College sports leaders must be ready to adapt in changing landscape

Not too long ago, any conversation about college athletes earning money off of their talents was met with a quickly slammed door.

College sports leaders are now facing what seems inevitable — and cracking the door open to possibilities. They would be wise to understand they need to adapt in this quickly changing sports landscape.

Illinois athletic director Josh Whitman said Tuesday, while attending the Big Ten meetings in Rosemont, Ill., that college sports leaders need to delve deeper into potential repercussions, but he senses growing acceptance among colleagues of the idea athletes can make money off of their names, images and likenesses.

"The name/image/likeness idea has a lot of attraction to many of us," Whitman said. "Like most things, the devil is in the details and understanding how we can implement that in a way that minimizes opportunity for abuse. I'll be curious to see, as we move forward, (how) we navigate that with some guidance, as we expect, in the courts. I don't know that there are a lot of us who are philosophically opposed to the idea."

Some Big Ten representatives said they were driving to conference headquarters when news broke Monday of the Supreme Court ruling that struck down a federal law barring sports gambling in most states. They've had a few weeks to ruminate on the findings of the Commission on College Basketball, headed by former Secretary of State Condoleezza Rice.

Whitman said of the gambling issue, "We recognize that this is a train that is starting to roll."

And it's not stopping.

"College athletics has been in a pretty steady state of evolution and change in the last five years, if not 10 years," Whitman said. "I expect that evolution will continue over the next five to 10 years. We need to be in position to remain abreast of those changes and anticipate them where we can.

"It's important to continue the vitality of college sports, that we have flexibility — what I call institutional agility, the ability to adapt and change based on the circumstances around us."

Penn State athletic director Sandy Barbour recently told of players receiving endorsement deals: "I do think it's a viable possibility, a viable alternative. But all the questions are out there that aren't answered."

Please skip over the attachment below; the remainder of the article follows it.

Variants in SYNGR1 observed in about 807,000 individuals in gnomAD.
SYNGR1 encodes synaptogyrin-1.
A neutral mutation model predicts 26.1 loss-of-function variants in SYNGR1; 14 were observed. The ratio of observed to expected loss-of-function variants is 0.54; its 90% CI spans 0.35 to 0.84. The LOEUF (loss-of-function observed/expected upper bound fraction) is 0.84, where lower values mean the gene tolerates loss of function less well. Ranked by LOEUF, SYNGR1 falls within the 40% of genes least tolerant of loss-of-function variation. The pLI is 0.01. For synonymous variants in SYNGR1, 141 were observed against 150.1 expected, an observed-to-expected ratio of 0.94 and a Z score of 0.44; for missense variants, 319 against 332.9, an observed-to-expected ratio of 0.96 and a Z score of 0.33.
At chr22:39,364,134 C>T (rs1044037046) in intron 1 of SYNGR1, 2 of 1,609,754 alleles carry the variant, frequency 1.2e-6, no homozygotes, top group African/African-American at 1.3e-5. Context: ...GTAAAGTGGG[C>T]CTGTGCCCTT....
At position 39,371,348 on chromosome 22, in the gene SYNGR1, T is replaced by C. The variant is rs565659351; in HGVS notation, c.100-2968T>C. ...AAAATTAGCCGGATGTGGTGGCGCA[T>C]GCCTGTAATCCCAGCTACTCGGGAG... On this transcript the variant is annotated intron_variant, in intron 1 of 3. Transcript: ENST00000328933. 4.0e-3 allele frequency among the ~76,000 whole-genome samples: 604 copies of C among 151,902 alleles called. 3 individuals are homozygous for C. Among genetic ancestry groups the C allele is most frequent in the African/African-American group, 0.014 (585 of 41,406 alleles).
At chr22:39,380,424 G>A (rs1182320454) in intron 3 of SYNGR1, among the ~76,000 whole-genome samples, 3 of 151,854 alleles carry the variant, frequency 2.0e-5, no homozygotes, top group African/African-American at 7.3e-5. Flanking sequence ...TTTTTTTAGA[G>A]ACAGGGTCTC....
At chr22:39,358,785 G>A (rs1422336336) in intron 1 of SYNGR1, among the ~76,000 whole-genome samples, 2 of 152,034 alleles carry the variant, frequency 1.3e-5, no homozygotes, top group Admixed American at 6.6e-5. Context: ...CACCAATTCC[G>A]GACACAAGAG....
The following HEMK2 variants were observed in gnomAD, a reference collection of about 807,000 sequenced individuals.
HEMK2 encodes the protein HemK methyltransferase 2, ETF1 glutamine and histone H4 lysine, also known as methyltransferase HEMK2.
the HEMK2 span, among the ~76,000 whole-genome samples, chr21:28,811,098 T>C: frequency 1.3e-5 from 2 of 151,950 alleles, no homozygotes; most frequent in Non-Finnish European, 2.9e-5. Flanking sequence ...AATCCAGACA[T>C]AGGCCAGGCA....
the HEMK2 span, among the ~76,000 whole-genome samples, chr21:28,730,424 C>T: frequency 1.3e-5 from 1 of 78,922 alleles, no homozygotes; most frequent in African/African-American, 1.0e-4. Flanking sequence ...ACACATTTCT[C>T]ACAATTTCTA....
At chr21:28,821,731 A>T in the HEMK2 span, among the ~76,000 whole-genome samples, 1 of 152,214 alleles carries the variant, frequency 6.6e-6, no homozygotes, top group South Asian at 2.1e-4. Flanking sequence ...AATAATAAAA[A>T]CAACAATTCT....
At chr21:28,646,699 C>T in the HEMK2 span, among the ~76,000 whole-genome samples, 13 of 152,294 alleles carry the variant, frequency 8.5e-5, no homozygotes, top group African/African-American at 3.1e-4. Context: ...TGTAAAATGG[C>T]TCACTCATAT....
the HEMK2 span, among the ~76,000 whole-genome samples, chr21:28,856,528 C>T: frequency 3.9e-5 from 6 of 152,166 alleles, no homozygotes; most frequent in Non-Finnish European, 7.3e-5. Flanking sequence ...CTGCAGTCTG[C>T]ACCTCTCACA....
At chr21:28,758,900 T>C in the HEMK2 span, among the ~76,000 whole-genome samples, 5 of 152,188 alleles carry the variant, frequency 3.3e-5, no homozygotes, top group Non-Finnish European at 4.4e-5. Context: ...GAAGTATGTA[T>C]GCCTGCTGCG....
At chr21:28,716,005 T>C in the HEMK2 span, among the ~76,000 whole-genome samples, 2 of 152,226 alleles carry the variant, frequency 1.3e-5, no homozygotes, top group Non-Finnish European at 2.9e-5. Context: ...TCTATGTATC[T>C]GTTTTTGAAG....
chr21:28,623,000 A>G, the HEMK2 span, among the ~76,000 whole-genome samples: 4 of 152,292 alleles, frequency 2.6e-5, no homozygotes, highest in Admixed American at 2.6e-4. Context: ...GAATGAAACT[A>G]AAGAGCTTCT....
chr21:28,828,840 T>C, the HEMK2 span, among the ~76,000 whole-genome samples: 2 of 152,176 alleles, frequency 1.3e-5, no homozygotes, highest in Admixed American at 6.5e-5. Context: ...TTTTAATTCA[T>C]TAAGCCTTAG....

Rice, after a bland announcement in April of the commission's report, told USA Today last week that while court cases need to be resolved first, "We believe that students ought to be able to benefit from name, image and likeness, but you can't decide a program until you know the legal parameters."

Most at the Big Ten meetings didn't sound ready to fully endorse these ideas.

Michigan athletic director Warde Manuel said he is mulling his stance. Michigan football coach Jim Harbaugh recently floated the idea, according to ESPN, of deferred compensation for players, including the idea of using money or stock from the Amazon series that chronicled the Wolverines' season. Harbaugh has said he is against directly paying players because of tax concerns.

"I love the collegiate model," Manuel said. "I think we invest significantly in educational opportunities (for athletes). ... I'm not a proponent and/or an opponent at this present time for any one thing. It's something we should continue to look at.

"But I do not like the idea that students who participate in athletics are employees. ... We're trying to win, but we want to educate young people to go into the world to be successful."

But who's to say both aren't possible — athletes earning market value off their names, images and likenesses and athletes graduating?

A lot is changing in college sports — and its leaders need to be ready to adapt.

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